Last Updated on May 6, 2015, by eNotes Editorial. Word Count: 344
A story of mother love would, at first sight, seem strange material for Joseph von Sternberg's directorial genius. The director of The Salvation Hunters, Underworld and The Last Command has a record of achievement which would hardly qualify him to glorify motherhood in the exaggerated, hysterical manner which has been so much the mode on the screen….
So it was at least to be expected that von Sternberg would treat the motherhood theme with a difference, would divorce it from the obvious and perhaps even point it up with a touch of irony.
These expectations The Case of Lena Smith largely fulfills. (p. 11)
[The plot] is not altogether proof against criticism. The concealment of the marriage until almost the end, does seem a little tricky though it is effective in confounding our moral snooper. Also, parts of the court proceedings seem somewhat arbitrary. On the one hand it is news to us that a woman in Lena's position would have been deprived of the custody of her child simply because it was illegitimate, and on the other hand it would have been immediately restored to her after she waved her marriage certificate. Nor is the conviction on the contempt charge convincing….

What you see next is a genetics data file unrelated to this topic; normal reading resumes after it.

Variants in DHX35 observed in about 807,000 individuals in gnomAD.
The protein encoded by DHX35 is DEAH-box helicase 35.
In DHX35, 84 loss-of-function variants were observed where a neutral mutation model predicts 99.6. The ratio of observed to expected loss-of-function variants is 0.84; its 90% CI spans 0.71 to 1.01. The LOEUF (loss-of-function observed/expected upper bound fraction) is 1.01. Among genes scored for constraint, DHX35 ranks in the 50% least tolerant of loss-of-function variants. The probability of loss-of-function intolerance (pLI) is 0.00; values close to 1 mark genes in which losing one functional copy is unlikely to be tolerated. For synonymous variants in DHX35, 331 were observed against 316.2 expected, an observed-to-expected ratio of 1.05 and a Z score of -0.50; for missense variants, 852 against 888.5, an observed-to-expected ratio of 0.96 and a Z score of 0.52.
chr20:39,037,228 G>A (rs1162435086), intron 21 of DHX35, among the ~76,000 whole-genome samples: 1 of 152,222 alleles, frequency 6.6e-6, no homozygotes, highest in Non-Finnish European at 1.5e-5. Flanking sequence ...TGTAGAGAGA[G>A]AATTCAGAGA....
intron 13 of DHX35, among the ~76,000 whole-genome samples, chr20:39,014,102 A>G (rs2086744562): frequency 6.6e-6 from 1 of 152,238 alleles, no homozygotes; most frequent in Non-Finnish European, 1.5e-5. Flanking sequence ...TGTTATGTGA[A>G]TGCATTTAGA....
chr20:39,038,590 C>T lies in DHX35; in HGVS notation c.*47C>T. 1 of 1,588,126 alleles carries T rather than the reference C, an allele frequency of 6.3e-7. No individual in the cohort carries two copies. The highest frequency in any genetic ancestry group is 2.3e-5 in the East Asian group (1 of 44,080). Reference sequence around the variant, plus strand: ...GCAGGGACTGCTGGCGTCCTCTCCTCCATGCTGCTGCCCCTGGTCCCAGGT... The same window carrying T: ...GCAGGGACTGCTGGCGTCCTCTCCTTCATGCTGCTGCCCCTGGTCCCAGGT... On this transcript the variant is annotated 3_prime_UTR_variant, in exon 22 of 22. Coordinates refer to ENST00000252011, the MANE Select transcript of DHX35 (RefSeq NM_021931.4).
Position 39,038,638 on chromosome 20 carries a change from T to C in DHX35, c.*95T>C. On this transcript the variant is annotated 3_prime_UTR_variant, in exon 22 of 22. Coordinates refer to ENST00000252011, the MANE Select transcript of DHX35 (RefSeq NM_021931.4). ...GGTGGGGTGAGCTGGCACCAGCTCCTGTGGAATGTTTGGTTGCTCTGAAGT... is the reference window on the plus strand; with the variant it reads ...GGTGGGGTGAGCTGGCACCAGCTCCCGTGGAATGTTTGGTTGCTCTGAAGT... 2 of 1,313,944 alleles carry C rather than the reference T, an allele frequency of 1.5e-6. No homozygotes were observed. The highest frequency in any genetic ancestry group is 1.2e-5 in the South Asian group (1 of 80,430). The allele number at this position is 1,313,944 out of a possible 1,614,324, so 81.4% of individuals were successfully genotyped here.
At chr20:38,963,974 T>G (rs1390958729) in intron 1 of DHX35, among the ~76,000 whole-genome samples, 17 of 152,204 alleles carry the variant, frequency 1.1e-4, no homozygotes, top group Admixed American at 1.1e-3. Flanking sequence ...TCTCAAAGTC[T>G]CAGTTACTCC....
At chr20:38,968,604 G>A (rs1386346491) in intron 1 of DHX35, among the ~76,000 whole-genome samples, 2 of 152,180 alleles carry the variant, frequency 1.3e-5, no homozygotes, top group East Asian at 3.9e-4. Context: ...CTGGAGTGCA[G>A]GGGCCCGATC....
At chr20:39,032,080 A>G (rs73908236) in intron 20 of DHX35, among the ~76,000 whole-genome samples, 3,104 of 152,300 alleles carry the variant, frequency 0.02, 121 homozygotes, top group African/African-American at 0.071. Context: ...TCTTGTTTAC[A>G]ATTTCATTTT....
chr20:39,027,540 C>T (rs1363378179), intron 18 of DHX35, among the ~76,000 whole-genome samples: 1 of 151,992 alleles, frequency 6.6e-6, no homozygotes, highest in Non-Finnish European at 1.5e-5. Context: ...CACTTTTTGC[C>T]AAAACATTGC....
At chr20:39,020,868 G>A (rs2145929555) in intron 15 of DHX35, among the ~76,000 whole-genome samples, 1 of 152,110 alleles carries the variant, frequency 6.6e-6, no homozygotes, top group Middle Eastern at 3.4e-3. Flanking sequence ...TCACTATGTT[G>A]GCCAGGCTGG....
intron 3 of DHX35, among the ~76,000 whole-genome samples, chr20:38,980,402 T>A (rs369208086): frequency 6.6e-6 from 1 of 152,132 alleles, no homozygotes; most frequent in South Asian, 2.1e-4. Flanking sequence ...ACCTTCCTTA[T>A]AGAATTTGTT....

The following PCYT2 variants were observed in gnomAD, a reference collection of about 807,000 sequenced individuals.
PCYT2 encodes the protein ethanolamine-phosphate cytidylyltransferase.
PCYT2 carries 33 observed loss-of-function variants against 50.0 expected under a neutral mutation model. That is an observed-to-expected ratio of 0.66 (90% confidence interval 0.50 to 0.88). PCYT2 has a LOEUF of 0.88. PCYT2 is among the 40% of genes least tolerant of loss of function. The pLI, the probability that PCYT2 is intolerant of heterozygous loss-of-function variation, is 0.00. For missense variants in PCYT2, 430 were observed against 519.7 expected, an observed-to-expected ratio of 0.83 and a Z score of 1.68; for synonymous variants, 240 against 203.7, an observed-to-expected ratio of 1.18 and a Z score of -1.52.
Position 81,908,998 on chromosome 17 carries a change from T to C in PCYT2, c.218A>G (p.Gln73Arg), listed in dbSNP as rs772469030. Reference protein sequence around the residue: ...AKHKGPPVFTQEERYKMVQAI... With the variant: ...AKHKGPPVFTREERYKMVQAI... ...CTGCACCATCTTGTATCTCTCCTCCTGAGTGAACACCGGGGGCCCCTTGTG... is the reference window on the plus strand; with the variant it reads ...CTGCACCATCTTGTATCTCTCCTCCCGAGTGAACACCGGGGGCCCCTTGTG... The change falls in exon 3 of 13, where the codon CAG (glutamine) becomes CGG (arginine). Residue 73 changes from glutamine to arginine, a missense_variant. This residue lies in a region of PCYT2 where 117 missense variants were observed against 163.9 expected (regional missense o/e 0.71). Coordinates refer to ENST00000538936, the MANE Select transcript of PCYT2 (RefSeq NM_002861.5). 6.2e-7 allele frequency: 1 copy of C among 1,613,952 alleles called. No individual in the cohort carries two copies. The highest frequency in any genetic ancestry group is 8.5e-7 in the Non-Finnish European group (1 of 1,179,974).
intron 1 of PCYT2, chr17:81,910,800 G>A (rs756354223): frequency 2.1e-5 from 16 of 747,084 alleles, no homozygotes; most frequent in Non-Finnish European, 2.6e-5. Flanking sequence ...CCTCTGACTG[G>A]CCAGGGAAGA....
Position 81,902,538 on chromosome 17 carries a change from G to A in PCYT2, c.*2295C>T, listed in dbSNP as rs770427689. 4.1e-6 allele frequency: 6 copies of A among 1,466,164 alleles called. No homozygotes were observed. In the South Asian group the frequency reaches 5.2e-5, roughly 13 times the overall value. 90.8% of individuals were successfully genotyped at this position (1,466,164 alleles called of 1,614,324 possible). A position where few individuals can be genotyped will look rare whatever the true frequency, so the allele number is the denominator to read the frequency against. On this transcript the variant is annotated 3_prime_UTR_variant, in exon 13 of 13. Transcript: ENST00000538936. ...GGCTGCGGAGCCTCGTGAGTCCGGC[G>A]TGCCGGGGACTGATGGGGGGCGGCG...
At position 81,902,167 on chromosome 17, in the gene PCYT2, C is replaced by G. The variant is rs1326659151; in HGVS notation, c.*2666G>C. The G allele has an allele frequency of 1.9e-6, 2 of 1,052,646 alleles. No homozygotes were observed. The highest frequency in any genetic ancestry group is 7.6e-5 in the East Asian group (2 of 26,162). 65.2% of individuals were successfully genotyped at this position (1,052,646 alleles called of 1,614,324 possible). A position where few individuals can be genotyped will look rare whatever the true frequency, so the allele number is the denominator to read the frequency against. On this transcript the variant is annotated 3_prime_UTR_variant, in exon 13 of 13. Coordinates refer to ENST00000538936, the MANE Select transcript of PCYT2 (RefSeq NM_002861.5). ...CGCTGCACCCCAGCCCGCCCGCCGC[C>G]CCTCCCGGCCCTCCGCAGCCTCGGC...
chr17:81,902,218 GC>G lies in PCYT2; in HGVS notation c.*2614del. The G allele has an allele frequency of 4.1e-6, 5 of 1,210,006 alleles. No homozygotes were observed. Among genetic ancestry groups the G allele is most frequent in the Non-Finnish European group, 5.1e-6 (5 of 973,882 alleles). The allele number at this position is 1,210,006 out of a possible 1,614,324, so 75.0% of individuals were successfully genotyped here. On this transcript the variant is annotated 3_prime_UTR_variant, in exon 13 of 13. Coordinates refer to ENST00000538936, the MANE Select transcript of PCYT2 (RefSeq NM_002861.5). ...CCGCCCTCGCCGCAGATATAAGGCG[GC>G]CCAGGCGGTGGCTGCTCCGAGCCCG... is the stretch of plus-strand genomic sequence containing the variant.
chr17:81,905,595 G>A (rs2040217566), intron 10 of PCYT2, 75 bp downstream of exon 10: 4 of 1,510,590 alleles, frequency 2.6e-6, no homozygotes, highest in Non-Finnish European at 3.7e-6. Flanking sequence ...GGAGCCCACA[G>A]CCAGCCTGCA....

Von Sternberg directs with his usual insight and his feeling for the scene, giving, in particular, a believable picture of Vienna. But sometimes he hurdles over difficulties somewhat too airily missing thereby the dramatic strengthening of his story by showing obstacles convincingly overcome. It is dangerous practice to confront a character with an insurmountable will and then to show him suddenly on the other side of the wall. We refer particularly to Lena's all too easy kidnapping of her son. She walks into a children's home in which there are apparently no locks, no night watchmen and no nurses on duty. But again this is a minor flaw in an otherwise exceptional picture, possibly a privilege of mother love seeking its own. (p. 12)
"Exceptional Photoplays: 'The Case of Lena Smith'," in National Board of Review Magazine (copyright, 1929), Vol. IV, No. 2, February, 1929, pp. 11-12.
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